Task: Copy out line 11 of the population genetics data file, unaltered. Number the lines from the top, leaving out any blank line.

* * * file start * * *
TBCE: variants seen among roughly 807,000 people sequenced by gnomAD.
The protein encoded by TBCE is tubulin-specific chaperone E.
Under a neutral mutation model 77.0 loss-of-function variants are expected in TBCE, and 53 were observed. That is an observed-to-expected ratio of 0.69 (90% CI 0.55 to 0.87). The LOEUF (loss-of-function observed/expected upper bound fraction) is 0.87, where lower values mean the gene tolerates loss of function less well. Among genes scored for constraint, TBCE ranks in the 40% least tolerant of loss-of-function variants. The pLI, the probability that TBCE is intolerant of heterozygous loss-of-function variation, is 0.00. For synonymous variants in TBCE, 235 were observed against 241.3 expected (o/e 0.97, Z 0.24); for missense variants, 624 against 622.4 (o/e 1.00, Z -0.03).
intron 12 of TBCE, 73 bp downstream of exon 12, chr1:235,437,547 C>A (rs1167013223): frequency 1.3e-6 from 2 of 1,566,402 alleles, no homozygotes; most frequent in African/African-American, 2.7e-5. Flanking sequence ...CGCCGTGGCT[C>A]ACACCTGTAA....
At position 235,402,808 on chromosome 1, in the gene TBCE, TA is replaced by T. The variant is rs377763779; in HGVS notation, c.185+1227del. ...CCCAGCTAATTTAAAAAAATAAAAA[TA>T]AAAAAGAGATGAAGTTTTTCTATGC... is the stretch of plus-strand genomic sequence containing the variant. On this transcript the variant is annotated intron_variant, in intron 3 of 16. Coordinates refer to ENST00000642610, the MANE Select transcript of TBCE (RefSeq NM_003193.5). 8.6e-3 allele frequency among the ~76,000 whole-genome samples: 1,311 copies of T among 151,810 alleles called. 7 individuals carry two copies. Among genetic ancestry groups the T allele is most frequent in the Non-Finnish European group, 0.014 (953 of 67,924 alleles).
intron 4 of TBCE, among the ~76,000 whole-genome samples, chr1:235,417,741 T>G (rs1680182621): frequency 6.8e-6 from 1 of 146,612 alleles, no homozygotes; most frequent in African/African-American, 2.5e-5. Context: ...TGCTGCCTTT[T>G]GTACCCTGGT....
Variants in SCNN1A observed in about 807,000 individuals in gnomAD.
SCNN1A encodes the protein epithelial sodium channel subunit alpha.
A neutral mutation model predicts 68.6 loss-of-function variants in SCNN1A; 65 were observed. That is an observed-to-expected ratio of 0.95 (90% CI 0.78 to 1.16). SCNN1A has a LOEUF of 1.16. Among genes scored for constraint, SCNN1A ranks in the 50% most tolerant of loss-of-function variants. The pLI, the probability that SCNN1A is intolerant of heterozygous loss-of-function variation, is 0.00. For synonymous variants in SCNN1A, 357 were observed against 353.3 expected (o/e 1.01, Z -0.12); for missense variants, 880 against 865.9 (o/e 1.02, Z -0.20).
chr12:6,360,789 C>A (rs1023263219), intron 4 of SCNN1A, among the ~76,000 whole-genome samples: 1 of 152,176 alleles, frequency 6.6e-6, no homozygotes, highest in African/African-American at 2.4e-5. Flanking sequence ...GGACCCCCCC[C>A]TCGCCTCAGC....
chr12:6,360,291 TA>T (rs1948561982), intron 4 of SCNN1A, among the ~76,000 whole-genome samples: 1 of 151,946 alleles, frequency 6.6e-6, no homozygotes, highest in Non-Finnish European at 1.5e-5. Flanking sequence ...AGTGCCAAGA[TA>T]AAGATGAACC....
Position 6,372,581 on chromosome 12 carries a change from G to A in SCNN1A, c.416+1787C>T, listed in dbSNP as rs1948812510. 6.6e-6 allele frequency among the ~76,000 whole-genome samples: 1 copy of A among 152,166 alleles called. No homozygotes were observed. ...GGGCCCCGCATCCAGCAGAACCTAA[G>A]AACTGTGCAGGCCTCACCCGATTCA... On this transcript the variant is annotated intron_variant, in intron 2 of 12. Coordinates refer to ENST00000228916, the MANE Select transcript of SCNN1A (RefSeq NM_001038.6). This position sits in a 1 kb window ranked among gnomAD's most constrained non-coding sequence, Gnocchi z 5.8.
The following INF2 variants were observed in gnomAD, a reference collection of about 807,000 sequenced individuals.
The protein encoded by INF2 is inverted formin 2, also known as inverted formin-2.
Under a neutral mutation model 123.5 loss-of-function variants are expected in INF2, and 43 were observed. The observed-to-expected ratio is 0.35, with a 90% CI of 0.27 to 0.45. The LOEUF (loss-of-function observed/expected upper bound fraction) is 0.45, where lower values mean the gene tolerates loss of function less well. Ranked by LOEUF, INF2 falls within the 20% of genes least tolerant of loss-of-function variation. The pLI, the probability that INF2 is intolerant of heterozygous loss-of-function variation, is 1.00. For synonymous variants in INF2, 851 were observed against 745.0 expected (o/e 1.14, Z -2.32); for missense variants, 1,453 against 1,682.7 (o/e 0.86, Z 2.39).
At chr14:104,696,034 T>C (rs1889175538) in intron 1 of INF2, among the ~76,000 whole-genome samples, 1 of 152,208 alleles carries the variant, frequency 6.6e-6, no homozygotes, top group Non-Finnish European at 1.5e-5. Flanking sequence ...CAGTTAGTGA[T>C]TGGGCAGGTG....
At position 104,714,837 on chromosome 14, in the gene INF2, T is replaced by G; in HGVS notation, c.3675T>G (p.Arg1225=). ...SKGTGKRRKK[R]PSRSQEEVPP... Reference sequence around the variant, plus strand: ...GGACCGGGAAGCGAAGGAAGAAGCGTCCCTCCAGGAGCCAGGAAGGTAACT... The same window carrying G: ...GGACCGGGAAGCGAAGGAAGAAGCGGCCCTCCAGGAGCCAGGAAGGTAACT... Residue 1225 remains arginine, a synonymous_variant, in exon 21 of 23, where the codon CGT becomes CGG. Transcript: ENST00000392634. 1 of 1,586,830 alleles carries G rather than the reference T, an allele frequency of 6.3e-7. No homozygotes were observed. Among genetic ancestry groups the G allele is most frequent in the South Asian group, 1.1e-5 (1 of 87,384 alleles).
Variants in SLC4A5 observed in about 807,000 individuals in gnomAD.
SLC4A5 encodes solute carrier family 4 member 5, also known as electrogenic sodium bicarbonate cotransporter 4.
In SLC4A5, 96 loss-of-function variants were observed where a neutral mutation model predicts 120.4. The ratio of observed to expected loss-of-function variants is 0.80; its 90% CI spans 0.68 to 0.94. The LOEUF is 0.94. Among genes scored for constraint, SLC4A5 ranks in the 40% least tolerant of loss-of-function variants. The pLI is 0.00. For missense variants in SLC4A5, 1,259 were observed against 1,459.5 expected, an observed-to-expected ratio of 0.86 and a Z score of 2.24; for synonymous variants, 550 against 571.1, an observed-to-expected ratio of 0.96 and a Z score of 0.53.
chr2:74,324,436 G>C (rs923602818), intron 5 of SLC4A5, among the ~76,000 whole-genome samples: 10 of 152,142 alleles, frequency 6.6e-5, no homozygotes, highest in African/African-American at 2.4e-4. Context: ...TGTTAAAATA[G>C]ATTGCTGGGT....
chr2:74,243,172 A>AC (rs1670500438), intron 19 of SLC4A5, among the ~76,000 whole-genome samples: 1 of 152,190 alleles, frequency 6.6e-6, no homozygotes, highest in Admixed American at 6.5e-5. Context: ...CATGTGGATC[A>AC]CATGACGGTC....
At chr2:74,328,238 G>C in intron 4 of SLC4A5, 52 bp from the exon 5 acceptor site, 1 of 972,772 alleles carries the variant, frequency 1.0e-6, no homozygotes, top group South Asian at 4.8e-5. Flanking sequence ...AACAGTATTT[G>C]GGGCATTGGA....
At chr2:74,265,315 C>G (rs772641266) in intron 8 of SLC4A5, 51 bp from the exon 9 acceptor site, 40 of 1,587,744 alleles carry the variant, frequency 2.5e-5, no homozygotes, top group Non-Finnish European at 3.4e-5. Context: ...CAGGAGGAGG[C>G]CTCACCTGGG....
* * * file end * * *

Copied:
chr12:6,360,291 TA>T (rs1948561982), intron 4 of SCNN1A, among the ~76,000 whole-genome samples: 1 of 151,946 alleles, frequency 6.6e-6, no homozygotes, highest in Non-Finnish European at 1.5e-5. Flanking sequence ...AGTGCCAAGA[TA>T]AAGATGAACC....